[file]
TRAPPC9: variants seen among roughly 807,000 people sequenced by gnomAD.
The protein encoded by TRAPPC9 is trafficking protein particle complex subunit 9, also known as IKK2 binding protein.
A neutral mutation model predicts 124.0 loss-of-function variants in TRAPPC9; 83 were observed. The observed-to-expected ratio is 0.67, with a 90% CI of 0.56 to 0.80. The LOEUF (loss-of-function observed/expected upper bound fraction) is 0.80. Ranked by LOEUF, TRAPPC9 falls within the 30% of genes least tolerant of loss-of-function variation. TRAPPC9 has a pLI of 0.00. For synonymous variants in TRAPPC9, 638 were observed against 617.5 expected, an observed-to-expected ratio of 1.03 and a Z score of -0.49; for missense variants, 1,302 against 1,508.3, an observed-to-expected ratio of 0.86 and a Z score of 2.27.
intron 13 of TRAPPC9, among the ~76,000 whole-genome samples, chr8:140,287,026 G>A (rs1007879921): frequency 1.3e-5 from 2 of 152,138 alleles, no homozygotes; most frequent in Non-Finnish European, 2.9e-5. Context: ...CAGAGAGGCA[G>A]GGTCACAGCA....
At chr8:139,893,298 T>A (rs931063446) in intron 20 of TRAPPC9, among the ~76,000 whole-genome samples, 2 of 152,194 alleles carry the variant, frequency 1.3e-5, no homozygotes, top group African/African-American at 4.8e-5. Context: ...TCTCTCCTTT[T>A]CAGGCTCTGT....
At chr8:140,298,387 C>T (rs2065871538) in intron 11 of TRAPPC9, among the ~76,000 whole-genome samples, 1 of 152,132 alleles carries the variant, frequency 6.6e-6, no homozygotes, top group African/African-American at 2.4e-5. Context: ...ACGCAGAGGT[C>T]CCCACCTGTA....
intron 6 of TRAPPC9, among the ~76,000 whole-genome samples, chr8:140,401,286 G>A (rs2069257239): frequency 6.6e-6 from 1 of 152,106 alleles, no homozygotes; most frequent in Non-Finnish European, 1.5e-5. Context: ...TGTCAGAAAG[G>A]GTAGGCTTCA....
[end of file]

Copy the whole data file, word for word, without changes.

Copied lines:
TRAPPC9: variants seen among roughly 807,000 people sequenced by gnomAD.
The protein encoded by TRAPPC9 is trafficking protein particle complex subunit 9, also known as IKK2 binding protein.
A neutral mutation model predicts 124.0 loss-of-function variants in TRAPPC9; 83 were observed. The observed-to-expected ratio is 0.67, with a 90% CI of 0.56 to 0.80. The LOEUF (loss-of-function observed/expected upper bound fraction) is 0.80. Ranked by LOEUF, TRAPPC9 falls within the 30% of genes least tolerant of loss-of-function variation. TRAPPC9 has a pLI of 0.00. For synonymous variants in TRAPPC9, 638 were observed against 617.5 expected, an observed-to-expected ratio of 1.03 and a Z score of -0.49; for missense variants, 1,302 against 1,508.3, an observed-to-expected ratio of 0.86 and a Z score of 2.27.
intron 13 of TRAPPC9, among the ~76,000 whole-genome samples, chr8:140,287,026 G>A (rs1007879921): frequency 1.3e-5 from 2 of 152,138 alleles, no homozygotes; most frequent in Non-Finnish European, 2.9e-5. Context: ...CAGAGAGGCA[G>A]GGTCACAGCA....
At chr8:139,893,298 T>A (rs931063446) in intron 20 of TRAPPC9, among the ~76,000 whole-genome samples, 2 of 152,194 alleles carry the variant, frequency 1.3e-5, no homozygotes, top group African/African-American at 4.8e-5. Context: ...TCTCTCCTTT[T>A]CAGGCTCTGT....
At chr8:140,298,387 C>T (rs2065871538) in intron 11 of TRAPPC9, among the ~76,000 whole-genome samples, 1 of 152,132 alleles carries the variant, frequency 6.6e-6, no homozygotes, top group African/African-American at 2.4e-5. Context: ...ACGCAGAGGT[C>T]CCCACCTGTA....
intron 6 of TRAPPC9, among the ~76,000 whole-genome samples, chr8:140,401,286 G>A (rs2069257239): frequency 6.6e-6 from 1 of 152,106 alleles, no homozygotes; most frequent in Non-Finnish European, 1.5e-5. Context: ...TGTCAGAAAG[G>A]GTAGGCTTCA....